aunching an initiative is hard.
Maintaining momentum is even harder.
Six months ago, Charles Soule’s Light of the Jedi, Justina Ireland’s A Test of Courage, and Claudia Gray’s Into the Dark launched us into the glory of The High Republic. What began as the most ambitious undertaking in the history of Canon storytelling became a New York Times bestselling phenomenon.
Almost instantaneously, the Star Wars community embraced the heroism of Jedi like Avar Kriss and the nefarious brutality of the Nihil, and after the first wave of books washed over us, the story continued in the monthly comic offerings of Marvel’s The High Republic and IDW’s The High Republic Adventures.
But we wanted more...as we always do. So here we are. Wave 2. Book 1.
The pressure to succeed may be even higher than before, and Cavan Scott’s The Rising Storm shoulders the burden of either continuing The High Republic’s success or torpedoing the initiative into the ground.
Now it’s no secret that we at Youtini are huge fans of Cavan the man as well as Cavan the writer, so we have to admit...it feels pretty good when a person you adore writes one of the best Star Wars books to come out in years.
The Rising Storm brilliantly grasps the baton from Light of the Jedi and carries The High Republic into its next chapter through a combination of complex character evolution, blockbuster action sequences, and the darkest turns the era has ever seen.
Part of the immense success of Light of the Jedi was Charles Soule’s decision to establish the era of The High Republic by incorporating a number of different plot lines. This tactic created a vastly entertaining main narrative while simultaneously introducing us to the factions, traditions, and rules of this new world.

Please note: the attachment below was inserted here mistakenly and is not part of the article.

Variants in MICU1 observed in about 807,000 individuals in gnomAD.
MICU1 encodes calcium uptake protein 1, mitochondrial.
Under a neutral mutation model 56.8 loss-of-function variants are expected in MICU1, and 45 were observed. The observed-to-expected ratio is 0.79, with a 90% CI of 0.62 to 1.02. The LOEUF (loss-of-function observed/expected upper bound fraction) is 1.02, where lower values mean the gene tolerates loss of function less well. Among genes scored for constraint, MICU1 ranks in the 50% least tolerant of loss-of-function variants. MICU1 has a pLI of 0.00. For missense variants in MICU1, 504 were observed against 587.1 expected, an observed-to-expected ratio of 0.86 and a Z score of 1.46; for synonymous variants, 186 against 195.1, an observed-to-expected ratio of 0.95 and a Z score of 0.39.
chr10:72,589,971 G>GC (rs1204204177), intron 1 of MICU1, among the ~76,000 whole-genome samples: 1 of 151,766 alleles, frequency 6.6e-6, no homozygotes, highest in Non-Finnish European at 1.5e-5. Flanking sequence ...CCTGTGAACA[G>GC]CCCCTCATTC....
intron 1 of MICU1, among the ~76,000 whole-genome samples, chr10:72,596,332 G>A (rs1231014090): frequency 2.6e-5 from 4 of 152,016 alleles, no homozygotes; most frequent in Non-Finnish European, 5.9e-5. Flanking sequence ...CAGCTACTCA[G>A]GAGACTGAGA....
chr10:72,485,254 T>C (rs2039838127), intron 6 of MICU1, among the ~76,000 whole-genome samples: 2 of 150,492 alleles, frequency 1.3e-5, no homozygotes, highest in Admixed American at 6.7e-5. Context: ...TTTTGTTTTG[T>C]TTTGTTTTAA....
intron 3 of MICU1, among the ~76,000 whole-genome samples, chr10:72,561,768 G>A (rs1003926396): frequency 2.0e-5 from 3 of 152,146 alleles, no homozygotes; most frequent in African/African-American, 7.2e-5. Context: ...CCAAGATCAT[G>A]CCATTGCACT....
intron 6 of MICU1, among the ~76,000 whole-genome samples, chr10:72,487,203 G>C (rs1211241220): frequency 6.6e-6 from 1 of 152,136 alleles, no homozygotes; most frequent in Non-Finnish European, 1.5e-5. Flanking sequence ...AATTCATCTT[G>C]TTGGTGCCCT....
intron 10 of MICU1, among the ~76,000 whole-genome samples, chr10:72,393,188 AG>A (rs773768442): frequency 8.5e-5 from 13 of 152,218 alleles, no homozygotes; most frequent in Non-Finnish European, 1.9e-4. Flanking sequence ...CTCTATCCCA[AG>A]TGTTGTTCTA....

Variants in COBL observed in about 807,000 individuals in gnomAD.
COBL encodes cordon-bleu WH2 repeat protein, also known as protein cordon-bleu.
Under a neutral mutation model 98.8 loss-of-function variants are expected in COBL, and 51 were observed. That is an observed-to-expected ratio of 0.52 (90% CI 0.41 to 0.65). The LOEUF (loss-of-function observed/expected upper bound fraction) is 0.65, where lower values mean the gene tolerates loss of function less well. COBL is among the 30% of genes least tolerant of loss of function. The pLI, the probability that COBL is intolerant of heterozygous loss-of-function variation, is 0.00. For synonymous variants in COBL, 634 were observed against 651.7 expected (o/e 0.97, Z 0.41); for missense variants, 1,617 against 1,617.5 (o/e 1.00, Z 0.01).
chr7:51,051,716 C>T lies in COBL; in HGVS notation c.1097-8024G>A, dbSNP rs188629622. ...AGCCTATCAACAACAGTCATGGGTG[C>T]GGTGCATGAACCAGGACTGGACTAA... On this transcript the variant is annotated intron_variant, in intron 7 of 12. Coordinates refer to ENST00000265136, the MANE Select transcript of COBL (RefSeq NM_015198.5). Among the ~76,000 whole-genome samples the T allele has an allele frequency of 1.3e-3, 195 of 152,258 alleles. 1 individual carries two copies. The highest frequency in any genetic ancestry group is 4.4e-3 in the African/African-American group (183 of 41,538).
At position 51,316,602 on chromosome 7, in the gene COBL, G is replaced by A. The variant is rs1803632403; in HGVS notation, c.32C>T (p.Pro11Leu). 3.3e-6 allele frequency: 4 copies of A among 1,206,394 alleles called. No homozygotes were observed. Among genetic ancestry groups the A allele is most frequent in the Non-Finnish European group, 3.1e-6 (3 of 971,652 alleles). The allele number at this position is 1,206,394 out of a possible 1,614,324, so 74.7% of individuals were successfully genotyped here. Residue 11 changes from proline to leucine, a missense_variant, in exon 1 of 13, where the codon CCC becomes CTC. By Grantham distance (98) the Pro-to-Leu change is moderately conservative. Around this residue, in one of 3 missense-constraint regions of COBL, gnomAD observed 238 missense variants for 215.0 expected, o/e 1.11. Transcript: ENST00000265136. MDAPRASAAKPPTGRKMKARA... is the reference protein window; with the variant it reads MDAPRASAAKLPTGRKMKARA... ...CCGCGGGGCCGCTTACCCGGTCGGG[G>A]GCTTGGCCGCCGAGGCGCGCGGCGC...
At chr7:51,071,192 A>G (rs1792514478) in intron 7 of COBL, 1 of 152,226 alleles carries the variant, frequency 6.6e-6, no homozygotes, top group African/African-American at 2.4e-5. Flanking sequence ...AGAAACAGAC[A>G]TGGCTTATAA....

With The Rising Storm, Scott continues the tradition of weaving together multiple High Republic plotlines, but for the most part, the action and intrigue surround a singular event: The Republic Fair on Valo.
After the Republic’s uniting effort to push back the Nihil following The Great Disaster, the galaxy as a whole is feeling pretty solid. The Jedi are busy fighting back the Drengir (see The High Republic comic for more on this), the politicians are discussing the need for a defense force, and Chancellor Lina Soh is focused on the Fair, her next great work.
Employing the fair as a touchstone is a brilliant device by Scott, because it allows those of us who have never lived in a galaxy far, far away to immediately grasp a tangible concept. Even if we weren't alive during world fairs of years past, we can still understand the context in which they existed, and a shred of familiarity does a wonderful amount of heavy lifting in accessing this new chapter of The High Republic saga.
Within that familiarity, however, lies an adventure that mixes epic action, psychological trauma, and Cavan’s clear penchant for horror. It’s no spoiler that things at the Republic Fair don’t exactly go to plan, and the way in which the book transitions from a sociopolitical exploration to a spacefaring fantasy epic is nothing short of brilliant.